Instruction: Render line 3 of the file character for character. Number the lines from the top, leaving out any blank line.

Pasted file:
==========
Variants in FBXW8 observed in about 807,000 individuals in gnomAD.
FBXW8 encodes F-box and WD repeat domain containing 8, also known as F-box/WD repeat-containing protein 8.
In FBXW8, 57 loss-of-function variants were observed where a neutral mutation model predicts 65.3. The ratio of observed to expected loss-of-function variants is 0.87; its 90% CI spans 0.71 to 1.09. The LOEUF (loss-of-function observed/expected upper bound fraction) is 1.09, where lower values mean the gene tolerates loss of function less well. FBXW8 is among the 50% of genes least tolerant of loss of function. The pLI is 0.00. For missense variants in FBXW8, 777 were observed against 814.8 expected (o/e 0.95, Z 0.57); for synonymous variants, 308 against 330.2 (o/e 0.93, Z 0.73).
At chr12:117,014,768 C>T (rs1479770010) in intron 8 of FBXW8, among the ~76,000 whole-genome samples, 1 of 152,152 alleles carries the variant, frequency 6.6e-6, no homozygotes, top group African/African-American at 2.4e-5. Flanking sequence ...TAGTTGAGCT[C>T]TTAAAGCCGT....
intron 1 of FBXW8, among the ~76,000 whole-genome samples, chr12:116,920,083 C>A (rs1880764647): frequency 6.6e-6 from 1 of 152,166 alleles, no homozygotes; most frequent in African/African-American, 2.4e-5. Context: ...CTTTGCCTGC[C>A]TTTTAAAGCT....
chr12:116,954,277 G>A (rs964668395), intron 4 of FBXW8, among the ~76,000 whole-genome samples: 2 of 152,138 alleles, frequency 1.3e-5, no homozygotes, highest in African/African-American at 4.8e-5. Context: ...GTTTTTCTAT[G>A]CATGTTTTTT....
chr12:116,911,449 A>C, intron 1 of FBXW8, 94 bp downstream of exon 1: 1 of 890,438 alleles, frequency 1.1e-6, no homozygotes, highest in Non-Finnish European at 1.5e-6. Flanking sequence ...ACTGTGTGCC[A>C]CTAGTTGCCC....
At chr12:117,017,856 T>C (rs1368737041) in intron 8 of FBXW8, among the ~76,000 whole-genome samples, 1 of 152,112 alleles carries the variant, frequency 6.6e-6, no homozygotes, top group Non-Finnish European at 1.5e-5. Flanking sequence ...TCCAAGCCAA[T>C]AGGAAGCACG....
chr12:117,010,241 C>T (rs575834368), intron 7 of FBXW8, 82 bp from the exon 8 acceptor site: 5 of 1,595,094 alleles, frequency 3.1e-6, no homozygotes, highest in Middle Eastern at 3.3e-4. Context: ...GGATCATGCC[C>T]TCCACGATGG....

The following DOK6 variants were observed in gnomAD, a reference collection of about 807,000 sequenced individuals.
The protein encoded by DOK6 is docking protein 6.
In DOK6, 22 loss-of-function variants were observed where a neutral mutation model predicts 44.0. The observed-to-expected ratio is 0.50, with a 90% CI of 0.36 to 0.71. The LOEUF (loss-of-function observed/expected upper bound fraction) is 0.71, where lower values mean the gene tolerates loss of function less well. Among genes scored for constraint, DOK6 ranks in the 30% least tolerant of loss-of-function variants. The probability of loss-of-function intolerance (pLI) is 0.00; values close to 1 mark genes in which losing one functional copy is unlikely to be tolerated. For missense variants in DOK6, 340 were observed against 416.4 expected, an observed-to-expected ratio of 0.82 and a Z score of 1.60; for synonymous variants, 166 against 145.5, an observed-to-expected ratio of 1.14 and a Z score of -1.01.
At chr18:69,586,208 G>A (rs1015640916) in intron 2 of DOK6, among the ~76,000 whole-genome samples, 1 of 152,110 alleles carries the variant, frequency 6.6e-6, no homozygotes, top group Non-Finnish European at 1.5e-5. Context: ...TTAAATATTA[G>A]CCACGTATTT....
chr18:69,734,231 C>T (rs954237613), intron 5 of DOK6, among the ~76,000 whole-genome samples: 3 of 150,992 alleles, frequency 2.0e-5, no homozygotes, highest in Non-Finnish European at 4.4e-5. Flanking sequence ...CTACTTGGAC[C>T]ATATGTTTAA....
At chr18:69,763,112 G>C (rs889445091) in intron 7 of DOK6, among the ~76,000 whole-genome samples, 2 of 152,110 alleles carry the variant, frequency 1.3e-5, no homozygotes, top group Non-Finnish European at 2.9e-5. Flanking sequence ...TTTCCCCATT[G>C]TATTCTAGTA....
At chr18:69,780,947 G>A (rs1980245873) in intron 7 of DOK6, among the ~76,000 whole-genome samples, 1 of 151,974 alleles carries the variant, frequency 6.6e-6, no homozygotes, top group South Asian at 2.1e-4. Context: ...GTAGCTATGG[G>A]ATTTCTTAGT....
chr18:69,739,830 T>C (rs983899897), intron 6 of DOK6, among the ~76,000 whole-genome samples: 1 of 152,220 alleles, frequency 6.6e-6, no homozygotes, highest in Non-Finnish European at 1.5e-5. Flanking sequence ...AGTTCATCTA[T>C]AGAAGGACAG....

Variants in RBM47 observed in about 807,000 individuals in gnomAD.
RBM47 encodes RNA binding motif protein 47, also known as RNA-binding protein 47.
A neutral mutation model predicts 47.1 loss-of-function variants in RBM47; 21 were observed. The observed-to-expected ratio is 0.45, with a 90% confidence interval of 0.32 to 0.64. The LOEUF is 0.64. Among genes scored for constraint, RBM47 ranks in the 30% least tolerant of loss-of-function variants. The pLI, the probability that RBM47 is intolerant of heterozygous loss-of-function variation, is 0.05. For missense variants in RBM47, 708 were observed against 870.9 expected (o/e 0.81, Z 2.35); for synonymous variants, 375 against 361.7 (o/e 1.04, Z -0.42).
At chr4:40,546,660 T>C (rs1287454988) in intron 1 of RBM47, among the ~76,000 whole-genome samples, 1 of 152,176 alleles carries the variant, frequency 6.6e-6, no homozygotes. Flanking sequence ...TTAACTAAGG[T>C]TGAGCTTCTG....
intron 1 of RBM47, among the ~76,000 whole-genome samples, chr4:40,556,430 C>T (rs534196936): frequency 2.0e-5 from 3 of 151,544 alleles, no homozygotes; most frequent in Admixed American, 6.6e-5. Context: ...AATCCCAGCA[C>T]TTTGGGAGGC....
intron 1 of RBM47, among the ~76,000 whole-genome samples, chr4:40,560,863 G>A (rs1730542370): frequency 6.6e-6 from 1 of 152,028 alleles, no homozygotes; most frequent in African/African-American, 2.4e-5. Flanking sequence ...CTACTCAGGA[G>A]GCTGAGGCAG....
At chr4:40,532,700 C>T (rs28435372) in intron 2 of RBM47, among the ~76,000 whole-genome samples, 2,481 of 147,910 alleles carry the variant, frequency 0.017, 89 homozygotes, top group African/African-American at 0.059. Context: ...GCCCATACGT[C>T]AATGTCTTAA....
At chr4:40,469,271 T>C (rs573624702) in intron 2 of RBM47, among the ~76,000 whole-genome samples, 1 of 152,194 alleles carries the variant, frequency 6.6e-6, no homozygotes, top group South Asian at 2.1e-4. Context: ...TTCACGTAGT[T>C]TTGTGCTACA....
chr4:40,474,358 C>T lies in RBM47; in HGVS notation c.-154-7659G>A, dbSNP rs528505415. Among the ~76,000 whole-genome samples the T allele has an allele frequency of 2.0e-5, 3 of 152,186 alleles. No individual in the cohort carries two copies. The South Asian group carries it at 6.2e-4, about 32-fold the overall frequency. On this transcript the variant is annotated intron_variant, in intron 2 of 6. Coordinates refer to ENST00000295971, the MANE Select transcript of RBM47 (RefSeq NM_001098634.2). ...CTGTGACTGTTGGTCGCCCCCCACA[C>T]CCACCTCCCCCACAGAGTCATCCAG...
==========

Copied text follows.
In FBXW8, 57 loss-of-function variants were observed where a neutral mutation model predicts 65.3. The ratio of observed to expected loss-of-function variants is 0.87; its 90% CI spans 0.71 to 1.09. The LOEUF (loss-of-function observed/expected upper bound fraction) is 1.09, where lower values mean the gene tolerates loss of function less well. FBXW8 is among the 50% of genes least tolerant of loss of function. The pLI is 0.00. For missense variants in FBXW8, 777 were observed against 814.8 expected (o/e 0.95, Z 0.57); for synonymous variants, 308 against 330.2 (o/e 0.93, Z 0.73).